The Pacific Tsunami Warning Center said Kauai was the first of the Hawaiian islands hit by the tsunami. Waves about 3 feet high were recorded on Oahu and Kauai, and officials warned that the waves would continue and could become larger.
A ferocious tsunami spawned by one of the largest earthquakes ever recorded slammed Japan's eastern coast Friday, killing hundreds of people as it swept away boats, cars and homes while widespread fires burned out of control.
A new carbon model developed by researchers with the U.S. Geological Survey now allows scientists to estimate sources and losses of organic carbon in surface waters in the United States. Study results indicate that streams act as both sources and sinks for organic carbon.
Scientists now say that fluid flow probably a more significant effect on marine optics than previously realized. In much the same way that particles can be added to fluid to reveal current flow, researchers have studied the way phytoplankton arrange themselves at the ocean’s surface depending on current. These organisms have a substantial effect on filtered light, which in turn affects growth rates.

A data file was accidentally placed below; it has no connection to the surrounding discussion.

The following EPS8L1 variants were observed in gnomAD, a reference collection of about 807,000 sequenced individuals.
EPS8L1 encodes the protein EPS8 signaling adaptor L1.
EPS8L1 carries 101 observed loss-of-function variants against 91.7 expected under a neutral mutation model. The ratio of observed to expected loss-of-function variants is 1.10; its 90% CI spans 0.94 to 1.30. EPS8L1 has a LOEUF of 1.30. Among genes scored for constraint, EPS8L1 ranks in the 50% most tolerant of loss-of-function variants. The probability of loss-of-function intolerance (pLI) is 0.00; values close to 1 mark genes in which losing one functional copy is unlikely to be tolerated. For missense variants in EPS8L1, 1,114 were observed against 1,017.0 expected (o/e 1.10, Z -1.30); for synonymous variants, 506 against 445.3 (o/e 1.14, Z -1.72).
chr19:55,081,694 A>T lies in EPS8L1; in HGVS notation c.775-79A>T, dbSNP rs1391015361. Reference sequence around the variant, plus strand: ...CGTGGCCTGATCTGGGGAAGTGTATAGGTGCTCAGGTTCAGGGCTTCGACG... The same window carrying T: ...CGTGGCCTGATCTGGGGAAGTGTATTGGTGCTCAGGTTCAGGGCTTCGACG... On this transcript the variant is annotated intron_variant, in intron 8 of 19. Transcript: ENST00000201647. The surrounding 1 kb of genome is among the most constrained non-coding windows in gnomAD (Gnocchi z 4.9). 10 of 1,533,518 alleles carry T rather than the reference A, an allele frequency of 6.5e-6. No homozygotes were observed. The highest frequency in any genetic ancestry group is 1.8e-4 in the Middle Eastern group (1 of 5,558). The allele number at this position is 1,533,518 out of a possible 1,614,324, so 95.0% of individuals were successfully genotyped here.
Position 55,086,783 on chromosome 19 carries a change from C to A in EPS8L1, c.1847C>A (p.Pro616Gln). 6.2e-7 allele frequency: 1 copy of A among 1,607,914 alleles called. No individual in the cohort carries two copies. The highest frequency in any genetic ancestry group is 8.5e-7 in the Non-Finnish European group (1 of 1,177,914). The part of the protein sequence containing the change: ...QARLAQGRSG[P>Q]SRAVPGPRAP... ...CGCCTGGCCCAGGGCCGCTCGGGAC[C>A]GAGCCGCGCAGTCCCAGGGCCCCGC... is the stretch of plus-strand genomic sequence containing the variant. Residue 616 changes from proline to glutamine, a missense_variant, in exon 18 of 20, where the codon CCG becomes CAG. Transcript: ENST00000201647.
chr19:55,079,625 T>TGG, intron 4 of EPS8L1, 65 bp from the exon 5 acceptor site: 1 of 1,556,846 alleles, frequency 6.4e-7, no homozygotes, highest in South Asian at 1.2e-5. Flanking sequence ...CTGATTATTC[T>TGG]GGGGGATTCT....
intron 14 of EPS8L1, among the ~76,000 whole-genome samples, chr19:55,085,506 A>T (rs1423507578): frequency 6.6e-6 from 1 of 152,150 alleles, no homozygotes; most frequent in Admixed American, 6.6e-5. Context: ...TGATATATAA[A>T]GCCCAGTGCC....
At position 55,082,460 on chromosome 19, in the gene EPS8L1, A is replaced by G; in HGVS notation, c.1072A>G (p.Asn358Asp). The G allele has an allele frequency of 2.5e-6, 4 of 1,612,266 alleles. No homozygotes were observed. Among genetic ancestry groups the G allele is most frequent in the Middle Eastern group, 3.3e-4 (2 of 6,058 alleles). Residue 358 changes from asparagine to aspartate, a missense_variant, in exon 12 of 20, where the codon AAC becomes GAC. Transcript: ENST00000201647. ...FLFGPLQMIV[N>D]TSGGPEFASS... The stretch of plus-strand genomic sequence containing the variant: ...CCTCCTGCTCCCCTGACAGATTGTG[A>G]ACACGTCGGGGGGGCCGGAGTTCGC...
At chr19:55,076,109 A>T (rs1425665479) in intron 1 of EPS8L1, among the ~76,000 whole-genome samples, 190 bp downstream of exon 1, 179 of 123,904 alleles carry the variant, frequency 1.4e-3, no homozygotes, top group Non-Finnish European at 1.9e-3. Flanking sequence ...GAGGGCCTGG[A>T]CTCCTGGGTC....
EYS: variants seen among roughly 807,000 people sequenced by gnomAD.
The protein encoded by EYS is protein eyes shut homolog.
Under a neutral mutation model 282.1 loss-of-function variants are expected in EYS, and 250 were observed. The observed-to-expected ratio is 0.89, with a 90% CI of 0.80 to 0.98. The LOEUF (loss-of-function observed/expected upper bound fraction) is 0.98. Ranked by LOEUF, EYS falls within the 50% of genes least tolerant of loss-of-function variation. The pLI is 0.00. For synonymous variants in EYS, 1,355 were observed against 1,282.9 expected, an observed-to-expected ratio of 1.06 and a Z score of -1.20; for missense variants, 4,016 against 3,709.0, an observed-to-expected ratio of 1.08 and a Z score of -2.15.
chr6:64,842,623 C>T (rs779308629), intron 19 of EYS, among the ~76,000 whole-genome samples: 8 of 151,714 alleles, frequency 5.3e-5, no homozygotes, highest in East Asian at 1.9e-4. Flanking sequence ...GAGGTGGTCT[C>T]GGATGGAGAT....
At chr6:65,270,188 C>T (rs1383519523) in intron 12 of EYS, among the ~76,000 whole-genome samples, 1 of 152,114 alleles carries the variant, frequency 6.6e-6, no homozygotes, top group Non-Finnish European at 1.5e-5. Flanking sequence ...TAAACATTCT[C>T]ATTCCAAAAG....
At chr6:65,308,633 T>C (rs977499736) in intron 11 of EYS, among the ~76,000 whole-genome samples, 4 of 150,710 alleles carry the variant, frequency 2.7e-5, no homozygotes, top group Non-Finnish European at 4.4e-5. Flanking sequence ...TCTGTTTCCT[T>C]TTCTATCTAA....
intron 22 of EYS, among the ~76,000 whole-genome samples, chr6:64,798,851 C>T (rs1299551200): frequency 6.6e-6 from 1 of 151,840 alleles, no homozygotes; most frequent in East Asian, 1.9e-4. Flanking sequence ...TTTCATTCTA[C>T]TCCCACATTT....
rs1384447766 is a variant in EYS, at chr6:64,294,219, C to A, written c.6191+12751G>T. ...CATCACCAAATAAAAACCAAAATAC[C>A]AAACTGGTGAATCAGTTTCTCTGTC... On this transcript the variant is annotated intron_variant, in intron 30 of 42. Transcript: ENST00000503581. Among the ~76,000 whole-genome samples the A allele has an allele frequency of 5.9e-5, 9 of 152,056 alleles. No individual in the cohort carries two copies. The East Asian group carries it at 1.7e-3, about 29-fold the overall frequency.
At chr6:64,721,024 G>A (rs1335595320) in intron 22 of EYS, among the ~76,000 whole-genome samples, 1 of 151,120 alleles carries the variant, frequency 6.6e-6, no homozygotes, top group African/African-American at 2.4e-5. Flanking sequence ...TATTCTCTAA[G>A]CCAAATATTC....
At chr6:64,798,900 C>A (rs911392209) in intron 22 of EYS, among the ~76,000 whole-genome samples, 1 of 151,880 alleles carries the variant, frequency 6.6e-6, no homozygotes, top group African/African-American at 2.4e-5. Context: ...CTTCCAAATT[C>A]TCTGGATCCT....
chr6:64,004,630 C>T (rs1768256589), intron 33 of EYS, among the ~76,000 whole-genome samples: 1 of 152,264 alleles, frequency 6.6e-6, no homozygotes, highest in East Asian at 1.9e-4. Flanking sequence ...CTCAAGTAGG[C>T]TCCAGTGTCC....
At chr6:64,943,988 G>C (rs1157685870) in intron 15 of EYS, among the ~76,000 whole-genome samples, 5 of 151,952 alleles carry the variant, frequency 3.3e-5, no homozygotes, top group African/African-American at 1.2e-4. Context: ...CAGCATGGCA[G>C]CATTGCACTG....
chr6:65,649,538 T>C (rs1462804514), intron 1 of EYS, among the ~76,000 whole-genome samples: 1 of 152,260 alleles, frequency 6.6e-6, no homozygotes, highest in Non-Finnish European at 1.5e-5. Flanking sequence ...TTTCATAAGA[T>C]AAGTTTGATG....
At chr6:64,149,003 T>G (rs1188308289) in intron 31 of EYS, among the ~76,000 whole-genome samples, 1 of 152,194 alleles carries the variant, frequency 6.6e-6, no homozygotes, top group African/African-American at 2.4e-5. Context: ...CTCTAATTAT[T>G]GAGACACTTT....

Almost 600 million years ago, before the rapid evolution of life forms known as the Cambrian explosion, a community of seaweeds and worm-like animals lived in a quiet deep-water niche near what a small village in south China. Preserved in a nearly pristine state, these fossils hold valuable information about the time when oxygen in the oceans was rare and sporadic.
What is it about doomsday scenarios? Every once in a while, it seems, the general public can’t get enough of predictions about impending disaster. And the most recent spate of disaster ruminations seems more pervasive than ever.
Pacific Crest announced the new Advanced Data Link (ADL) generation of radios with the introduction of ADL Foundation, a 0.1 -1.0 Watt programmable transceiver.